Snipers weaponize math. To do this, they use Data on Personal Equipment (DOPE). However, that is not to be confused with Data From Previous Engagement (DOPE). So no matter what kind of DOPE you use, killing bad guys with math is pretty dope.
Although, if you think mastering ballistics, and their solvers, requires Jedi like training then Chris Wiencke is your YODA. It’s no secret that Applied Ballistics ® (AB) is THE place to go to get information on how your bullets fly through space. Chris is the person within Applied Ballistics who demystifies how to get, enter and use the many data points needed to maximize the capability of your ballistic solver. Chris was also a second place finisher in Mammoth. So, you can be confident he knows the rigors of the event. Hence, if you’re going to learn something you may as well learn from the best.
Below is part 1 of 2 of Chris’ essential tips for ballistic solver set up. Chris generously shared these with me and I figured I’d pay it forward. These are his words:
“I will start by saying: short-range work is paramount for long-range success. Many LR shooters view the short-range portion of weapon setup as a boring. It is however a necessity for accuracy, precision and success in competitions. Shooters tend to disregard the many benefits a solid short-range setup regimen can offer. You must first understand what the weapon, scope, and ammunition are doing at short range to understand what your ballistic solver is calculating at long range.
Verify your gun profile inputs by understanding the rifle, scope, and ammunition
I use a similar weapon and gun profile setup process each time, regardless of the long-range shooting objective. I confirm the short-range zero, then immediately proceed to a tall target test to verify the elevation turret tracking and can’t.
At the same time, I measure and record all muzzle and downrange velocities. The end result of the short-range process is a solid zero, verified turret tracking and cant device installation, calculated sight scale factor, and muzzle velocity data. These are all necessary for accurate trajectory prediction at longer ranges.
Establish and use a solid short-range 100 yard or meter zero
The primary objective of zeroing is to get a foundation from which you can dial in or hold over to compensate for the effect of external ballistics on your bullet. This is done most effectively with a solid short range zero. Using a 200 or 300 yard/meter zero is not conducive to achieving a good baseline for sniper competitions. The short-range zero is a lot less susceptible to any zero-shift due to changes in atmospheric conditions. Additionally, a short-range zero gives shooters a flexible baseline to begin dialing or holding for targets at increased distances, whereas a longer range zero requires the shooter to hold under for targets at closer distances.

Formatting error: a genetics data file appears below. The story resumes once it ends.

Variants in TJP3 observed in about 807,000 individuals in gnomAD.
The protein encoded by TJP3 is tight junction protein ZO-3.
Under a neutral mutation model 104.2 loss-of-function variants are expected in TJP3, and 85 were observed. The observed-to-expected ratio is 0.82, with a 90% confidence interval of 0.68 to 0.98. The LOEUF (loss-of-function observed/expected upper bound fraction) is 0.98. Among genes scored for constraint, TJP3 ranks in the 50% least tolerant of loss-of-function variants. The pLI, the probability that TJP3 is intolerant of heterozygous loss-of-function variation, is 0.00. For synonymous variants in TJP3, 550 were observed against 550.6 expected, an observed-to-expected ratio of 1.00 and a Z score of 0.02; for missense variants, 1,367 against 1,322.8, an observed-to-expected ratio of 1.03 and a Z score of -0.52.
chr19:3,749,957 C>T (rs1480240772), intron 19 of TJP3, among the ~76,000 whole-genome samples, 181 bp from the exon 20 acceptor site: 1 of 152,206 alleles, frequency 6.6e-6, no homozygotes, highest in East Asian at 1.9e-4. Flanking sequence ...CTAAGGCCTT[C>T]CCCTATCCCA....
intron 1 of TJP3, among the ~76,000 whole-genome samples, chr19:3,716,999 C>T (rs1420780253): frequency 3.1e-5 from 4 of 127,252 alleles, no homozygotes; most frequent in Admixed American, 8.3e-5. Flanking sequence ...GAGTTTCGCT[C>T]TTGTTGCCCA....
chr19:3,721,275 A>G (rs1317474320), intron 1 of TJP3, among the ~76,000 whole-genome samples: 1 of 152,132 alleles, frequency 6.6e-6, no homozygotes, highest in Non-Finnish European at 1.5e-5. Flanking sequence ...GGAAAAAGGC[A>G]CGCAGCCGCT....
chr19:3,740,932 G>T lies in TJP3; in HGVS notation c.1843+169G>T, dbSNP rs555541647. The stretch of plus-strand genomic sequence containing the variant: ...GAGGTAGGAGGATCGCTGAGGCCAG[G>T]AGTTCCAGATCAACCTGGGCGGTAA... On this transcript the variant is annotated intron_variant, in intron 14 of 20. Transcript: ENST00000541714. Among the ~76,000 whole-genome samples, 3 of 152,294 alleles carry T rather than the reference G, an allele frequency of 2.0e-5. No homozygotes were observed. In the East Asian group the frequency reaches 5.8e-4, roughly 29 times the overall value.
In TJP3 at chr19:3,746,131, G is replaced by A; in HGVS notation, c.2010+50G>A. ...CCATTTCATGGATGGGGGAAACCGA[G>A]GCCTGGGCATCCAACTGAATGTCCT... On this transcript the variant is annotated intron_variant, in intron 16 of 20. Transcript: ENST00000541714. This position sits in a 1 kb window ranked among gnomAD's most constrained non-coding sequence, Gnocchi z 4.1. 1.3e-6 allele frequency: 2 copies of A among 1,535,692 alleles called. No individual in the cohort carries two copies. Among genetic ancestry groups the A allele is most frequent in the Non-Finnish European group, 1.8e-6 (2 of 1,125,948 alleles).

Conduct a tall target test as part of the short-range weapon setup
Tall target testing offers peace of mind in the best of cases, or heartbreak and frustration in the worst of cases. The outcome of a tall target test is a Sight Scale Factor (SSF) input, which allows the AB solver to account for the variation in turret adjustment. I typically employ high-quality scopes for competition use, and I expect the turrets to track within a 0% to 3% error. The tall target testing process is even more important for entry level scopes. Both high or low quality scopes are prone to tracking error, but I expect it is uncommon in more expensive scopes. Most AB software integrated devices allow for SSF input. Even if the turret doesn’t track as expected, you can account for that error if the tracking is repeatable.
It is not necessary to tall target test during every setup. It IS necessary to re-verify your SSF in the time leading up to a comp. Bryan Litz posted a detailed YouTube video outlining the testing process.
Collect and analyze ammunition velocity data
There are multiple benefits for collecting velocity data aside from a cold bore muzzle velocity (MV) and refined MV average. Continuously running a device like a LabRadar doppler radar during the short-range process facilitates the collection of a larger data sample size. It also provides a better overall indication of the MV average, standard deviation, and extreme spread. That velocity spread data will also allow you to determine the expected vertical dispersion by manipulating the gun profile MV input. LabRadar also determines velocity decay.
If you are using a Magneto Speed, I’d recommend employing a mounting bracket at a point other than the muzzle. This mitigates any point of impact interference the chrono imparts when attached directly to the barrel.”
What tips or tricks do you have to share? Sound off in the comments! Look for Part 2 coming soon.